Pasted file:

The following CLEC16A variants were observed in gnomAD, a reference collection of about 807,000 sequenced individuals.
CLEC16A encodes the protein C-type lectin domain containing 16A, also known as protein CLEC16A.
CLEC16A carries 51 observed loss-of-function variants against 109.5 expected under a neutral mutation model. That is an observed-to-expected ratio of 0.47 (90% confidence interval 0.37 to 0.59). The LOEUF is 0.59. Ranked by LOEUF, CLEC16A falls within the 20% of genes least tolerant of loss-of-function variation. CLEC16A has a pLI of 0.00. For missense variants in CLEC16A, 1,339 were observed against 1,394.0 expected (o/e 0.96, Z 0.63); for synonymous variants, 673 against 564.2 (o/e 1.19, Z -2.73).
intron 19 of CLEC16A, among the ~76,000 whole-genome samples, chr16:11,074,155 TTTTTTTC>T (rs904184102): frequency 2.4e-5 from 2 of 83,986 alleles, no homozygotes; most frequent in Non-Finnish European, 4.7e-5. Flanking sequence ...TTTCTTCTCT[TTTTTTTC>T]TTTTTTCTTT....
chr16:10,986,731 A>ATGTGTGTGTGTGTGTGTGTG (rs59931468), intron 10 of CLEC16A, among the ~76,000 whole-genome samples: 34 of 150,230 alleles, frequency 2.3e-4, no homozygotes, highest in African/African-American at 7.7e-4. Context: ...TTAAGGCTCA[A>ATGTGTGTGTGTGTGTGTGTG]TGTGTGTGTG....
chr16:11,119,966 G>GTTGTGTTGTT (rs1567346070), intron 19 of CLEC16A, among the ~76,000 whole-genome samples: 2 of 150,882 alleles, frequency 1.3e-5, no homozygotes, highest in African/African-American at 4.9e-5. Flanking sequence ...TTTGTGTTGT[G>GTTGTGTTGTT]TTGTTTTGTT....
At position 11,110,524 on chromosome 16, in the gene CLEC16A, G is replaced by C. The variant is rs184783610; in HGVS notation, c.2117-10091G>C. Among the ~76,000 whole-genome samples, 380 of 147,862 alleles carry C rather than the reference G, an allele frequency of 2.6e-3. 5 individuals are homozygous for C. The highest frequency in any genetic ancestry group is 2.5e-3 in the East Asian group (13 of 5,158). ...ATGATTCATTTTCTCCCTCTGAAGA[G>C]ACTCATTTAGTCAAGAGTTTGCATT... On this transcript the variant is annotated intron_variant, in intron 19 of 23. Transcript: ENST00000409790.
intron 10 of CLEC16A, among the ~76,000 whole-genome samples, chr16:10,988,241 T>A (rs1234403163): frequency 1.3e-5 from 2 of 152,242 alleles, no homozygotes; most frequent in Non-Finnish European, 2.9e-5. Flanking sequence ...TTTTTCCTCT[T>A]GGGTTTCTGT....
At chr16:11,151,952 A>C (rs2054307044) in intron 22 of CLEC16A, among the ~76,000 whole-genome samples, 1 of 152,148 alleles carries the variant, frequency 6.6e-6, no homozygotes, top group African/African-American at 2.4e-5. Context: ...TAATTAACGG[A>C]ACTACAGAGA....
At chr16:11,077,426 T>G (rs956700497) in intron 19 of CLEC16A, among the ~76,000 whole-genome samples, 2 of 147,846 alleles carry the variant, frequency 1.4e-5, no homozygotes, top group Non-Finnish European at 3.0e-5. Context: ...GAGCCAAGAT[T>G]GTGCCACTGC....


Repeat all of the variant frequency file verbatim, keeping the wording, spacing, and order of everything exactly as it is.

The following CLEC16A variants were observed in gnomAD, a reference collection of about 807,000 sequenced individuals.
CLEC16A encodes the protein C-type lectin domain containing 16A, also known as protein CLEC16A.
CLEC16A carries 51 observed loss-of-function variants against 109.5 expected under a neutral mutation model. That is an observed-to-expected ratio of 0.47 (90% confidence interval 0.37 to 0.59). The LOEUF is 0.59. Ranked by LOEUF, CLEC16A falls within the 20% of genes least tolerant of loss-of-function variation. CLEC16A has a pLI of 0.00. For missense variants in CLEC16A, 1,339 were observed against 1,394.0 expected (o/e 0.96, Z 0.63); for synonymous variants, 673 against 564.2 (o/e 1.19, Z -2.73).
intron 19 of CLEC16A, among the ~76,000 whole-genome samples, chr16:11,074,155 TTTTTTTC>T (rs904184102): frequency 2.4e-5 from 2 of 83,986 alleles, no homozygotes; most frequent in Non-Finnish European, 4.7e-5. Flanking sequence ...TTTCTTCTCT[TTTTTTTC>T]TTTTTTCTTT....
chr16:10,986,731 A>ATGTGTGTGTGTGTGTGTGTG (rs59931468), intron 10 of CLEC16A, among the ~76,000 whole-genome samples: 34 of 150,230 alleles, frequency 2.3e-4, no homozygotes, highest in African/African-American at 7.7e-4. Context: ...TTAAGGCTCA[A>ATGTGTGTGTGTGTGTGTGTG]TGTGTGTGTG....
chr16:11,119,966 G>GTTGTGTTGTT (rs1567346070), intron 19 of CLEC16A, among the ~76,000 whole-genome samples: 2 of 150,882 alleles, frequency 1.3e-5, no homozygotes, highest in African/African-American at 4.9e-5. Flanking sequence ...TTTGTGTTGT[G>GTTGTGTTGTT]TTGTTTTGTT....
At position 11,110,524 on chromosome 16, in the gene CLEC16A, G is replaced by C. The variant is rs184783610; in HGVS notation, c.2117-10091G>C. Among the ~76,000 whole-genome samples, 380 of 147,862 alleles carry C rather than the reference G, an allele frequency of 2.6e-3. 5 individuals are homozygous for C. The highest frequency in any genetic ancestry group is 2.5e-3 in the East Asian group (13 of 5,158). ...ATGATTCATTTTCTCCCTCTGAAGA[G>C]ACTCATTTAGTCAAGAGTTTGCATT... On this transcript the variant is annotated intron_variant, in intron 19 of 23. Transcript: ENST00000409790.
intron 10 of CLEC16A, among the ~76,000 whole-genome samples, chr16:10,988,241 T>A (rs1234403163): frequency 1.3e-5 from 2 of 152,242 alleles, no homozygotes; most frequent in Non-Finnish European, 2.9e-5. Flanking sequence ...TTTTTCCTCT[T>A]GGGTTTCTGT....
At chr16:11,151,952 A>C (rs2054307044) in intron 22 of CLEC16A, among the ~76,000 whole-genome samples, 1 of 152,148 alleles carries the variant, frequency 6.6e-6, no homozygotes, top group African/African-American at 2.4e-5. Context: ...TAATTAACGG[A>C]ACTACAGAGA....
At chr16:11,077,426 T>G (rs956700497) in intron 19 of CLEC16A, among the ~76,000 whole-genome samples, 2 of 147,846 alleles carry the variant, frequency 1.4e-5, no homozygotes, top group Non-Finnish European at 3.0e-5. Context: ...GAGCCAAGAT[T>G]GTGCCACTGC....